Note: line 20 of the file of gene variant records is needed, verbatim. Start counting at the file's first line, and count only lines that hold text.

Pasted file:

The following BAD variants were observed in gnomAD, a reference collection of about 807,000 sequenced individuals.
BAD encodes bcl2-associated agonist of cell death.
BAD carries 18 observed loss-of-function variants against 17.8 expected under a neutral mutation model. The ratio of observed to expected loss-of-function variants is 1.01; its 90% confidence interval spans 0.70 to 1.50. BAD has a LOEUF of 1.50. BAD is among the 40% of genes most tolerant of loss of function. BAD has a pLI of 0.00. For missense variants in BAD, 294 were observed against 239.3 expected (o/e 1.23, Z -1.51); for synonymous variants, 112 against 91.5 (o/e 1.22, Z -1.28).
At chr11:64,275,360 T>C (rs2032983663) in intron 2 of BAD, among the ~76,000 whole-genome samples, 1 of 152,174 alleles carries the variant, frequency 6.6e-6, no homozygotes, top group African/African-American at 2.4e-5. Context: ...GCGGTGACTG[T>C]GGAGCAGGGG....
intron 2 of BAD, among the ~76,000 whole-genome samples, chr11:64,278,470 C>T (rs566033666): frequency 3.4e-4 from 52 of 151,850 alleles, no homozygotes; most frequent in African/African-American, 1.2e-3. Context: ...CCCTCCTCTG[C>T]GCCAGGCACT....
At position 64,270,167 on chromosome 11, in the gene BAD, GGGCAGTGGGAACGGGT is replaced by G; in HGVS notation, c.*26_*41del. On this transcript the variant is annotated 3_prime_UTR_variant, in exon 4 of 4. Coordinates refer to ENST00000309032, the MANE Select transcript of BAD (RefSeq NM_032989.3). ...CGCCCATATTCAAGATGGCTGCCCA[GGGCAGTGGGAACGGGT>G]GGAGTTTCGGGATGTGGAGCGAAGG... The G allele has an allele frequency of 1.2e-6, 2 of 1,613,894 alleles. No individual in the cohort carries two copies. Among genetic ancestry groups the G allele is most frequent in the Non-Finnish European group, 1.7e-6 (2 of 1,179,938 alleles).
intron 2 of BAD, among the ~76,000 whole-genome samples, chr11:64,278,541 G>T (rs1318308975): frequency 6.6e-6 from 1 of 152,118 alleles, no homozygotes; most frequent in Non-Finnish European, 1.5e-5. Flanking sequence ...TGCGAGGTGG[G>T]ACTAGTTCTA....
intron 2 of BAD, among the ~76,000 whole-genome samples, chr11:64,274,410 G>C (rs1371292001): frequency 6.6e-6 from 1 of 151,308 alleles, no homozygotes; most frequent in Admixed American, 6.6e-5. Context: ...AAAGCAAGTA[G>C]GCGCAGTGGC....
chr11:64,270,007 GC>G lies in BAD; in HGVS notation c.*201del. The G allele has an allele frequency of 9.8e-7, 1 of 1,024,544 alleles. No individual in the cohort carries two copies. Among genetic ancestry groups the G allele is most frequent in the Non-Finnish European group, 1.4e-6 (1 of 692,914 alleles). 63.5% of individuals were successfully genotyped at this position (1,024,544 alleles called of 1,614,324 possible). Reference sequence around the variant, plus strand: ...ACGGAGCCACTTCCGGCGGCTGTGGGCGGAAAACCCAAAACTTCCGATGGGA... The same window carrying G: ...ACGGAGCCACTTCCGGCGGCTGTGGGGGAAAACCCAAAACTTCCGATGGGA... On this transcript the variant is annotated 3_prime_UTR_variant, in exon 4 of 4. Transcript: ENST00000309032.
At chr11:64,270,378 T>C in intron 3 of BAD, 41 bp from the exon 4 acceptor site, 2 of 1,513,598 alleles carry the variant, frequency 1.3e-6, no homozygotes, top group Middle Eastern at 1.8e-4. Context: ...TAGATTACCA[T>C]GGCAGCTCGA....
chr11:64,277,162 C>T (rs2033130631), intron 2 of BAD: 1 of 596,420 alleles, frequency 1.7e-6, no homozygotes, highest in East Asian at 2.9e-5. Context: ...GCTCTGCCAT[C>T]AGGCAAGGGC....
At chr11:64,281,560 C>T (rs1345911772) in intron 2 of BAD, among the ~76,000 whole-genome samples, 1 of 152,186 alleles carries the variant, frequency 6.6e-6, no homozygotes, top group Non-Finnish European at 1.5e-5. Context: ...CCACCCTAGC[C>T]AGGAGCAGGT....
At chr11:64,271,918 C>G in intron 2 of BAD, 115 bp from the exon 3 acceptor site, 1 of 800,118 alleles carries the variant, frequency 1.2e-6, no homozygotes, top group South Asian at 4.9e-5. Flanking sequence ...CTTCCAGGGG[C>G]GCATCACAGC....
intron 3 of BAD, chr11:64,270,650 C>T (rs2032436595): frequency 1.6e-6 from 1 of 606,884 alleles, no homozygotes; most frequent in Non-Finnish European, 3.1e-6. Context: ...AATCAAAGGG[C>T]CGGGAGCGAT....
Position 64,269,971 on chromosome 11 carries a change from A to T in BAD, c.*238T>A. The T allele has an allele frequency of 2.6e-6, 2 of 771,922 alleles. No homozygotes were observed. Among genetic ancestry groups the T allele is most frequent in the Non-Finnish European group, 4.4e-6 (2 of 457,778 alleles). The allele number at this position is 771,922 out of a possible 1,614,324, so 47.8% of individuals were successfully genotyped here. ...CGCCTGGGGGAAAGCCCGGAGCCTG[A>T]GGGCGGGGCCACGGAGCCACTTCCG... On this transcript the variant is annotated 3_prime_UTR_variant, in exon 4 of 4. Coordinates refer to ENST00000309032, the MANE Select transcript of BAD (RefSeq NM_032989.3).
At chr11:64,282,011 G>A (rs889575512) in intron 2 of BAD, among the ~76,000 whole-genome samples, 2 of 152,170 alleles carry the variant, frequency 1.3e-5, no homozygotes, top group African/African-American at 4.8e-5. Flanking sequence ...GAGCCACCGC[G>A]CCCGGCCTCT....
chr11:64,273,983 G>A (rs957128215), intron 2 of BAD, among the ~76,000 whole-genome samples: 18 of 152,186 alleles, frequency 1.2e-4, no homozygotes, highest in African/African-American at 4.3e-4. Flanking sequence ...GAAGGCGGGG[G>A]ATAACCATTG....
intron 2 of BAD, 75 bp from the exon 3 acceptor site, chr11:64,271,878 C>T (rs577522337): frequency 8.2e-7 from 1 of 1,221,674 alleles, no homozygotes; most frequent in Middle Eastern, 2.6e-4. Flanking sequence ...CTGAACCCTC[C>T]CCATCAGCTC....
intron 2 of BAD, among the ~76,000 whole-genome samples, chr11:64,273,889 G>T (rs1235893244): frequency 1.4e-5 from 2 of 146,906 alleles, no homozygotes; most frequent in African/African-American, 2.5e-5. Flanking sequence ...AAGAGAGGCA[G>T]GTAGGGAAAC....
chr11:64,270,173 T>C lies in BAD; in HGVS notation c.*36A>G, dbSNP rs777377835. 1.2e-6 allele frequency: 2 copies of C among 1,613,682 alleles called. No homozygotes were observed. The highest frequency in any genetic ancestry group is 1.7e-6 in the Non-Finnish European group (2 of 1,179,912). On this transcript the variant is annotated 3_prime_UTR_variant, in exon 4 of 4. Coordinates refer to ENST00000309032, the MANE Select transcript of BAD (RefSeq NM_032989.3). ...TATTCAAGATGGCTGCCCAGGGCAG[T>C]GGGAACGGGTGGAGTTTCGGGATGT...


chr11:64,270,173 T>C lies in BAD; in HGVS notation c.*36A>G, dbSNP rs777377835. 1.2e-6 allele frequency: 2 copies of C among 1,613,682 alleles called. No homozygotes were observed. The highest frequency in any genetic ancestry group is 1.7e-6 in the Non-Finnish European group (2 of 1,179,912). On this transcript the variant is annotated 3_prime_UTR_variant, in exon 4 of 4. Coordinates refer to ENST00000309032, the MANE Select transcript of BAD (RefSeq NM_032989.3). ...TATTCAAGATGGCTGCCCAGGGCAG[T>C]GGGAACGGGTGGAGTTTCGGGATGT...